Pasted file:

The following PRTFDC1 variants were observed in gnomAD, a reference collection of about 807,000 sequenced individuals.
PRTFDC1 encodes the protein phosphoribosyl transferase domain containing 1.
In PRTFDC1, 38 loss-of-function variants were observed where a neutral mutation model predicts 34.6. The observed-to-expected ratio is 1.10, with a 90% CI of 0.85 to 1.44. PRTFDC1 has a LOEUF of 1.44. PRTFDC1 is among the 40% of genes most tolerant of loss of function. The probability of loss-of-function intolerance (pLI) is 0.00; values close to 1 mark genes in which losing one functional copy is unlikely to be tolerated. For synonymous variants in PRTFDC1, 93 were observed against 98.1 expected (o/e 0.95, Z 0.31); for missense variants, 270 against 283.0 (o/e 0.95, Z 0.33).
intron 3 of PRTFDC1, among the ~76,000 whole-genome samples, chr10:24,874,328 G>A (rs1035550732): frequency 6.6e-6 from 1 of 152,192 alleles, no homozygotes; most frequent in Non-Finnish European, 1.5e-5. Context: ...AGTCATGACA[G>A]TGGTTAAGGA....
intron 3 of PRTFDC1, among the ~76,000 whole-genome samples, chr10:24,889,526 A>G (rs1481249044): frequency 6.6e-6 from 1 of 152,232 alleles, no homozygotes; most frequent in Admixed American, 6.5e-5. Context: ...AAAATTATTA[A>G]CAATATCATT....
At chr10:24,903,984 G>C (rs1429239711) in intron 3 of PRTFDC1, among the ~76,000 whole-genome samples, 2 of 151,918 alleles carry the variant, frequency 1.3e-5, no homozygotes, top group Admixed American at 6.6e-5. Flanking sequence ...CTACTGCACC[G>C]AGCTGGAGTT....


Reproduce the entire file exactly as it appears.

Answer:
The following PRTFDC1 variants were observed in gnomAD, a reference collection of about 807,000 sequenced individuals.
PRTFDC1 encodes the protein phosphoribosyl transferase domain containing 1.
In PRTFDC1, 38 loss-of-function variants were observed where a neutral mutation model predicts 34.6. The observed-to-expected ratio is 1.10, with a 90% CI of 0.85 to 1.44. PRTFDC1 has a LOEUF of 1.44. PRTFDC1 is among the 40% of genes most tolerant of loss of function. The probability of loss-of-function intolerance (pLI) is 0.00; values close to 1 mark genes in which losing one functional copy is unlikely to be tolerated. For synonymous variants in PRTFDC1, 93 were observed against 98.1 expected (o/e 0.95, Z 0.31); for missense variants, 270 against 283.0 (o/e 0.95, Z 0.33).
intron 3 of PRTFDC1, among the ~76,000 whole-genome samples, chr10:24,874,328 G>A (rs1035550732): frequency 6.6e-6 from 1 of 152,192 alleles, no homozygotes; most frequent in Non-Finnish European, 1.5e-5. Context: ...AGTCATGACA[G>A]TGGTTAAGGA....
intron 3 of PRTFDC1, among the ~76,000 whole-genome samples, chr10:24,889,526 A>G (rs1481249044): frequency 6.6e-6 from 1 of 152,232 alleles, no homozygotes; most frequent in Admixed American, 6.5e-5. Context: ...AAAATTATTA[A>G]CAATATCATT....
At chr10:24,903,984 G>C (rs1429239711) in intron 3 of PRTFDC1, among the ~76,000 whole-genome samples, 2 of 151,918 alleles carry the variant, frequency 1.3e-5, no homozygotes, top group Admixed American at 6.6e-5. Flanking sequence ...CTACTGCACC[G>C]AGCTGGAGTT....